"...this was one of the most memorable and remarkable experiences of my life"
I consider it a privilege to be a member of the Ski Santa Fe Adaptive Ski Program. This is a largely volunteer organization of specially trained ski-teachers who place the enjoyment of our sport and mountains within reach of those who would not otherwise have access to it.
This is my second year with ASP and while I may be, in some small way, instrumental in helping a person with special needs to ski, it is minuscule in comparison with the the deep pleasure and satisfaction I have experienced in my interactions with "the students." Sometimes, when I am with them, I hear a silent refrain being repeated in my mind: "Who is the student and who is the teacher?"
Somebody once said that you learn more about yourself as you go along. Personally, I have found that to be true and my experiences with the Adaptive Program are moving that journey along at record speed. But, that is also the normal path for an introverted personality. A little clarification is in order here: I'm thinking more of Carl Jung's idea and definitions of "introverted" and "extroverted." Those words and ideas are his inventions. I don't think he meant "introverted" in the unilateral way in which it has come to be understood in our everyday speech–-that is to say, someone who is very shy and retiring. Instead, I think he meant it to mean someone who sees the world from within, first. In addition to the "introverted thing," the perception of larger patterns and interconnections, is my normal state of mind. It's how I roll.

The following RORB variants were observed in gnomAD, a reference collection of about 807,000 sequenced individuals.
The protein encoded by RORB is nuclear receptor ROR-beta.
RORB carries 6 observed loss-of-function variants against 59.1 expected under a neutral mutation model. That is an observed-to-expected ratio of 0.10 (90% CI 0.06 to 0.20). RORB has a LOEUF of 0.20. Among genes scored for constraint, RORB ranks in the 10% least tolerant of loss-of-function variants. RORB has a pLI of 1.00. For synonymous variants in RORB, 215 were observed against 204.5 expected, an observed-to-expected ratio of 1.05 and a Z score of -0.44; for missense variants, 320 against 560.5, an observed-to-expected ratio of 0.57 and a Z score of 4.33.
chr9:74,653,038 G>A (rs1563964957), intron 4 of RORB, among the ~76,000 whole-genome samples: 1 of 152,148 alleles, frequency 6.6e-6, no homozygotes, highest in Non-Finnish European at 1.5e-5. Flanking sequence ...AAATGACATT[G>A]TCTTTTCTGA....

This week I worked with a young autistic man who I shall refer to only as "Jimmy"–-in order to protect his privacy. Like a lot of Americans, not only did I not know much about this condition which we call autism, but I had never even met or encountered anyone like him. I was concerned at first when the director gave me this assignment during the morning sign-in. I had no background, no insight and no training for such a specialized situation. So, naturally, the anxiety level went up a bit-–but not too much and not for too long. I do have a Pollyanna-like level of confidence in my own intuition to hold me in good stead and that once again proved to be true.
I wasn't within even ten feet of Jimmy for the first time when I knew that I liked him. And also, that on some level which I could not wrap my rational mind around, I felt a connection-–and a big one! It's at times like that when you just simply have to tell your rational mind to take a seat at the back of the bus because you know, instinctively, that it will only get in the way and muck things up if left to wander about.
If you've seen the movie,"The Rainman" with Dustin Hoffman, then you'll have some idea of what Jimmy's speech pattern and thought processes are like. There was the same folded-over, non-linear, repetitive modes of expression that could feel like total chaos at first. I'm pretty good with languages, and I enjoy them, and who knows, maybe that's why I was able to feel comfortable in his world.